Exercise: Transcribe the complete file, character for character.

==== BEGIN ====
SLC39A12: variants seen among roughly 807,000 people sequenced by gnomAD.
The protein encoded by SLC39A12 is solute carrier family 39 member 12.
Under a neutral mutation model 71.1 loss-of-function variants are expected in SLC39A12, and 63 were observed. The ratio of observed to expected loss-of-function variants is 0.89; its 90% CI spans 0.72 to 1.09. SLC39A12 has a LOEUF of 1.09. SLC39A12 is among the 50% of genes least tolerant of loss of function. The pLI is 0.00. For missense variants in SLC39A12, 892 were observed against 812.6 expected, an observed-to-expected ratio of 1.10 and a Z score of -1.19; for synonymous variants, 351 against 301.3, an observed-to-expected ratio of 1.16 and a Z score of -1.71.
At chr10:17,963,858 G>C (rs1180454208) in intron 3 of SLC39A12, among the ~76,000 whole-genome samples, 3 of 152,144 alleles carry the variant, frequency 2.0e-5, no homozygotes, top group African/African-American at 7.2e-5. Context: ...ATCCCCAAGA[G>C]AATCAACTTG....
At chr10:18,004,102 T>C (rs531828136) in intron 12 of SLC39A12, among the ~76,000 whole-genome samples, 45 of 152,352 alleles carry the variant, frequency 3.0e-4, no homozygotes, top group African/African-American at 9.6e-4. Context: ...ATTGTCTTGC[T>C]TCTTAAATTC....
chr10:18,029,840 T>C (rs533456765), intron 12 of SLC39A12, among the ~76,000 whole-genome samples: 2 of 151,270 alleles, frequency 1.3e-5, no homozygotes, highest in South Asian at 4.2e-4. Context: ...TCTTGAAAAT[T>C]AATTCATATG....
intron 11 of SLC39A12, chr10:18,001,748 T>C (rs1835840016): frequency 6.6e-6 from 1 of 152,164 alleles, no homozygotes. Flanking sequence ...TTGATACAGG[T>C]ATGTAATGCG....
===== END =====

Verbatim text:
SLC39A12: variants seen among roughly 807,000 people sequenced by gnomAD.
The protein encoded by SLC39A12 is solute carrier family 39 member 12.
Under a neutral mutation model 71.1 loss-of-function variants are expected in SLC39A12, and 63 were observed. The ratio of observed to expected loss-of-function variants is 0.89; its 90% CI spans 0.72 to 1.09. SLC39A12 has a LOEUF of 1.09. SLC39A12 is among the 50% of genes least tolerant of loss of function. The pLI is 0.00. For missense variants in SLC39A12, 892 were observed against 812.6 expected, an observed-to-expected ratio of 1.10 and a Z score of -1.19; for synonymous variants, 351 against 301.3, an observed-to-expected ratio of 1.16 and a Z score of -1.71.
At chr10:17,963,858 G>C (rs1180454208) in intron 3 of SLC39A12, among the ~76,000 whole-genome samples, 3 of 152,144 alleles carry the variant, frequency 2.0e-5, no homozygotes, top group African/African-American at 7.2e-5. Context: ...ATCCCCAAGA[G>C]AATCAACTTG....
At chr10:18,004,102 T>C (rs531828136) in intron 12 of SLC39A12, among the ~76,000 whole-genome samples, 45 of 152,352 alleles carry the variant, frequency 3.0e-4, no homozygotes, top group African/African-American at 9.6e-4. Context: ...ATTGTCTTGC[T>C]TCTTAAATTC....
chr10:18,029,840 T>C (rs533456765), intron 12 of SLC39A12, among the ~76,000 whole-genome samples: 2 of 151,270 alleles, frequency 1.3e-5, no homozygotes, highest in South Asian at 4.2e-4. Context: ...TCTTGAAAAT[T>C]AATTCATATG....
intron 11 of SLC39A12, chr10:18,001,748 T>C (rs1835840016): frequency 6.6e-6 from 1 of 152,164 alleles, no homozygotes. Flanking sequence ...TTGATACAGG[T>C]ATGTAATGCG....